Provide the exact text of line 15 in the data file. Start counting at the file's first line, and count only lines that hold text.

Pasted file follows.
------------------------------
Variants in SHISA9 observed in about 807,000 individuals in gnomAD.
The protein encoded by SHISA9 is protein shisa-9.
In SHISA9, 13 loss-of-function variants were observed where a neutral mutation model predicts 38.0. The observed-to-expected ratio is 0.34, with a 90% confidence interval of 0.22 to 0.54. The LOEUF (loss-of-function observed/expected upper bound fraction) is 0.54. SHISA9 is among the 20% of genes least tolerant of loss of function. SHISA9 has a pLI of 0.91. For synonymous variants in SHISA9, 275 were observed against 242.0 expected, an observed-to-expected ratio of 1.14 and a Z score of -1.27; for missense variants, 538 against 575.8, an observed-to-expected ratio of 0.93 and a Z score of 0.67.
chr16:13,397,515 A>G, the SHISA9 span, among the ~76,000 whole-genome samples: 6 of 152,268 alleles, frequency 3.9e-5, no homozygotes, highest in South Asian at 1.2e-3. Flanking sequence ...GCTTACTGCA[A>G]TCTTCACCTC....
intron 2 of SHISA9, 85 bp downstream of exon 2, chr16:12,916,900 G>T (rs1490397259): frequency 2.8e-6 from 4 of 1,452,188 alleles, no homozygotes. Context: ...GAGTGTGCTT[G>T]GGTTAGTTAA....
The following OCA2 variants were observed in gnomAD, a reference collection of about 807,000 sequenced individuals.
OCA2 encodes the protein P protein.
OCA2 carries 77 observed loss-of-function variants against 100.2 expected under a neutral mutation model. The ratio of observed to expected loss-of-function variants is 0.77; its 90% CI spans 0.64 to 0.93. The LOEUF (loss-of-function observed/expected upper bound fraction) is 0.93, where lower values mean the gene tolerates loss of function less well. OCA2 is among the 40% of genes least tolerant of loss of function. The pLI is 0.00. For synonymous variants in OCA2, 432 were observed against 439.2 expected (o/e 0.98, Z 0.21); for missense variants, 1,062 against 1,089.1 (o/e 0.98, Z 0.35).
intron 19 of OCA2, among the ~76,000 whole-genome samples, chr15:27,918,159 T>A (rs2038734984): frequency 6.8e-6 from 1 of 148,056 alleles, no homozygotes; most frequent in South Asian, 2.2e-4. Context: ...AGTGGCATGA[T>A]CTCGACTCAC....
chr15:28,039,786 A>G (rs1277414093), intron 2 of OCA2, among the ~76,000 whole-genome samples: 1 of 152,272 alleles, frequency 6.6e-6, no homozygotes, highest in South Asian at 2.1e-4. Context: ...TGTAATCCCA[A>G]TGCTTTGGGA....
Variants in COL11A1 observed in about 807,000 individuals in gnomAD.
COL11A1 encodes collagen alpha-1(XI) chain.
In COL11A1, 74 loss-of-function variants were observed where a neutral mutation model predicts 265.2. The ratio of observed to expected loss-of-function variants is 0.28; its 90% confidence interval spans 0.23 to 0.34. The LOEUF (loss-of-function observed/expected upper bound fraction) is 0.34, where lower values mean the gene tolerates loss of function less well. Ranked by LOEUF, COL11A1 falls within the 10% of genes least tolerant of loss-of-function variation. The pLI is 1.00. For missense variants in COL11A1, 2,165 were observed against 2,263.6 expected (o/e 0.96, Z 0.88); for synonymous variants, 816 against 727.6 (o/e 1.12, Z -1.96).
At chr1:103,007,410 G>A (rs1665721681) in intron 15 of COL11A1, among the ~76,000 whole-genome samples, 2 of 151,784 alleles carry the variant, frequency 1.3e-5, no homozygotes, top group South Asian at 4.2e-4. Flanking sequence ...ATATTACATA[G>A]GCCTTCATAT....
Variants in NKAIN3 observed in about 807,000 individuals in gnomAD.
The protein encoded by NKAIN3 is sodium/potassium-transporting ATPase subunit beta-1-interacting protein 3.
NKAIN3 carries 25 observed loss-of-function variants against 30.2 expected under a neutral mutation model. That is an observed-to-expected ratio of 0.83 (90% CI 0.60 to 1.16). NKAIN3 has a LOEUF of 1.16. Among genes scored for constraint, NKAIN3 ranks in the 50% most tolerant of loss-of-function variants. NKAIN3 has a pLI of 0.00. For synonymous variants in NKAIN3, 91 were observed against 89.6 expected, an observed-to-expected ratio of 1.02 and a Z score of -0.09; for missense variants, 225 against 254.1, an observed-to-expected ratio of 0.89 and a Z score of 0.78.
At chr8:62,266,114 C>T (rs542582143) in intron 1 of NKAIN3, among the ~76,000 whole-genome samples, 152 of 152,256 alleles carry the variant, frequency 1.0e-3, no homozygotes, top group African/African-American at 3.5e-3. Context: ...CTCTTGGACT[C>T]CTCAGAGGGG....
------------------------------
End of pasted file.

Variants in NKAIN3 observed in about 807,000 individuals in gnomAD.